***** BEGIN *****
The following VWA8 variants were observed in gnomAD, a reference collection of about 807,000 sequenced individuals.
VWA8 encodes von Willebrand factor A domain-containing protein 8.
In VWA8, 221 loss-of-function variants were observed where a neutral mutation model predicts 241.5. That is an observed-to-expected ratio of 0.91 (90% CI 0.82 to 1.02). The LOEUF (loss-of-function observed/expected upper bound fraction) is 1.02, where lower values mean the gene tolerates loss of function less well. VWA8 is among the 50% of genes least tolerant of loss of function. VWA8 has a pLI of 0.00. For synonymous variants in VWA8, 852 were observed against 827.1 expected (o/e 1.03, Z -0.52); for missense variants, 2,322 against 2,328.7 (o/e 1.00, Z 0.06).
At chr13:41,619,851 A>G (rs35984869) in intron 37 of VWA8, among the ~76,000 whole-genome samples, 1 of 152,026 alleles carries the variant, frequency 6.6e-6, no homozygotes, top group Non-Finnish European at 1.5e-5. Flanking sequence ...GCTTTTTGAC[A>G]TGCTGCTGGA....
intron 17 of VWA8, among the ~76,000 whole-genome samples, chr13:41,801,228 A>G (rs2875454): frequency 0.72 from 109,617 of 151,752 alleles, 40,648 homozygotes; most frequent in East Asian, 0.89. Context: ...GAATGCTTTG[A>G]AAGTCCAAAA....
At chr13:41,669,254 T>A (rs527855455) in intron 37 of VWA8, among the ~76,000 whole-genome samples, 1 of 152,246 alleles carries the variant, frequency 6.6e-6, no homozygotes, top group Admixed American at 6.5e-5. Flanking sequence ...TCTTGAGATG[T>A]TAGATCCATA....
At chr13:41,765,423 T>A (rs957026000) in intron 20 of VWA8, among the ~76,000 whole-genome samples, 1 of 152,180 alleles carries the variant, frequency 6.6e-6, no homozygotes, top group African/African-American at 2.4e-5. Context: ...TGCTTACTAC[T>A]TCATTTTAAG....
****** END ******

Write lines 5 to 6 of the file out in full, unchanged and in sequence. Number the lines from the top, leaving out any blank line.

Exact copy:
intron 17 of VWA8, among the ~76,000 whole-genome samples, chr13:41,801,228 A>G (rs2875454): frequency 0.72 from 109,617 of 151,752 alleles, 40,648 homozygotes; most frequent in East Asian, 0.89. Context: ...GAATGCTTTG[A>G]AAGTCCAAAA....
At chr13:41,669,254 T>A (rs527855455) in intron 37 of VWA8, among the ~76,000 whole-genome samples, 1 of 152,246 alleles carries the variant, frequency 6.6e-6, no homozygotes, top group Admixed American at 6.5e-5. Flanking sequence ...TCTTGAGATG[T>A]TAGATCCATA....